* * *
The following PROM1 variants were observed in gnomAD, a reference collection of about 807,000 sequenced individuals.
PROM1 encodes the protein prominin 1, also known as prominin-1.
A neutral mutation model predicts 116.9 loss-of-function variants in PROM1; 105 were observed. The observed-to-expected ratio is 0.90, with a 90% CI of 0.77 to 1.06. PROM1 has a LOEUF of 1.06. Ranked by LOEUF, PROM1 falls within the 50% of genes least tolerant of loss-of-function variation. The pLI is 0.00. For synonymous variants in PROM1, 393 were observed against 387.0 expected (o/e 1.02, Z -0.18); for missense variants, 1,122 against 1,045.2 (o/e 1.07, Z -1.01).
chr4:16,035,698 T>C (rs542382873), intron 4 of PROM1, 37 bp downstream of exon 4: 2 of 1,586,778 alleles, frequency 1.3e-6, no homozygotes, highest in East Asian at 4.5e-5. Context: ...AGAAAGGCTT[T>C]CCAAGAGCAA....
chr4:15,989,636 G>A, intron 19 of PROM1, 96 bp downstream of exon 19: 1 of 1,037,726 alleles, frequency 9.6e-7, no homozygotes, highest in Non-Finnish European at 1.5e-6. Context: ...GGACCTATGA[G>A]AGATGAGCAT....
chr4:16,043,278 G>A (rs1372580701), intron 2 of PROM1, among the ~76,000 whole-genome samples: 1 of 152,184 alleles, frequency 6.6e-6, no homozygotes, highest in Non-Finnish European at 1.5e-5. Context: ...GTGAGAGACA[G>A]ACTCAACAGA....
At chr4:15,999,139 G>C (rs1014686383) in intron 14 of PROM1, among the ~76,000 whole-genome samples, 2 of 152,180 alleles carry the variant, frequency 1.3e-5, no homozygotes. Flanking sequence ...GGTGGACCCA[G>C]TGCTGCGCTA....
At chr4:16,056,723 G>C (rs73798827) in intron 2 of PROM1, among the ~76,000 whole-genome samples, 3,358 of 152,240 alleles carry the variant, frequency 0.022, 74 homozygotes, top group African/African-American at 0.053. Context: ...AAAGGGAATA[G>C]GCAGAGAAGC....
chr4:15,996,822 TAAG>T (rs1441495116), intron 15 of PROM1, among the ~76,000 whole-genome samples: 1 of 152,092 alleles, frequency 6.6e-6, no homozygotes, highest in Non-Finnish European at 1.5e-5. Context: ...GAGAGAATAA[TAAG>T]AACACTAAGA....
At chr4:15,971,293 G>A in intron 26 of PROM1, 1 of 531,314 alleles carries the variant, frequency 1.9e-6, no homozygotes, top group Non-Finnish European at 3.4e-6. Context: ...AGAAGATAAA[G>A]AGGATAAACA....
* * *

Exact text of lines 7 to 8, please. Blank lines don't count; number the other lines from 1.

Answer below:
At chr4:15,999,139 G>C (rs1014686383) in intron 14 of PROM1, among the ~76,000 whole-genome samples, 2 of 152,180 alleles carry the variant, frequency 1.3e-5, no homozygotes. Flanking sequence ...GGTGGACCCA[G>C]TGCTGCGCTA....
At chr4:16,056,723 G>C (rs73798827) in intron 2 of PROM1, among the ~76,000 whole-genome samples, 3,358 of 152,240 alleles carry the variant, frequency 0.022, 74 homozygotes, top group African/African-American at 0.053. Context: ...AAAGGGAATA[G>C]GCAGAGAAGC....